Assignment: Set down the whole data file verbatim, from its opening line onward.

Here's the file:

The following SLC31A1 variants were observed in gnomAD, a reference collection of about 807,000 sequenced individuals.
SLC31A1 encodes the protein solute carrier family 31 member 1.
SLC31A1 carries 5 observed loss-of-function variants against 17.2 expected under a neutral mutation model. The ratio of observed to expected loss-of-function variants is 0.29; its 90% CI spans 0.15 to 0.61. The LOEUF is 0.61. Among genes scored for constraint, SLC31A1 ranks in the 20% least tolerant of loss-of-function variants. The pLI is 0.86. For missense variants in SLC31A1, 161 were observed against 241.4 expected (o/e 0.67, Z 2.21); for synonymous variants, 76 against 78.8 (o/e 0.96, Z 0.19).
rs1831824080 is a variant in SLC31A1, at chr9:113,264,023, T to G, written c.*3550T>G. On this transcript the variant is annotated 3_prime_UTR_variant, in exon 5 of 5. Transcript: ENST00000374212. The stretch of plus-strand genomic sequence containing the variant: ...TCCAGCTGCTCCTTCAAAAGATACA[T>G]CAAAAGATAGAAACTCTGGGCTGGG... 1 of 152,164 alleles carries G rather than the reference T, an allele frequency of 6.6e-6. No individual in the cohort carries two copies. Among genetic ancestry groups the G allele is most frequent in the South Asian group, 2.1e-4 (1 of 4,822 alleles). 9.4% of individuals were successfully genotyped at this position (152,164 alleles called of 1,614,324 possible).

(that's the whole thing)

The following SLC31A1 variants were observed in gnomAD, a reference collection of about 807,000 sequenced individuals.
SLC31A1 encodes the protein solute carrier family 31 member 1.
SLC31A1 carries 5 observed loss-of-function variants against 17.2 expected under a neutral mutation model. The ratio of observed to expected loss-of-function variants is 0.29; its 90% CI spans 0.15 to 0.61. The LOEUF is 0.61. Among genes scored for constraint, SLC31A1 ranks in the 20% least tolerant of loss-of-function variants. The pLI is 0.86. For missense variants in SLC31A1, 161 were observed against 241.4 expected (o/e 0.67, Z 2.21); for synonymous variants, 76 against 78.8 (o/e 0.96, Z 0.19).
rs1831824080 is a variant in SLC31A1, at chr9:113,264,023, T to G, written c.*3550T>G. On this transcript the variant is annotated 3_prime_UTR_variant, in exon 5 of 5. Transcript: ENST00000374212. The stretch of plus-strand genomic sequence containing the variant: ...TCCAGCTGCTCCTTCAAAAGATACA[T>G]CAAAAGATAGAAACTCTGGGCTGGG... 1 of 152,164 alleles carries G rather than the reference T, an allele frequency of 6.6e-6. No individual in the cohort carries two copies. Among genetic ancestry groups the G allele is most frequent in the South Asian group, 2.1e-4 (1 of 4,822 alleles). 9.4% of individuals were successfully genotyped at this position (152,164 alleles called of 1,614,324 possible).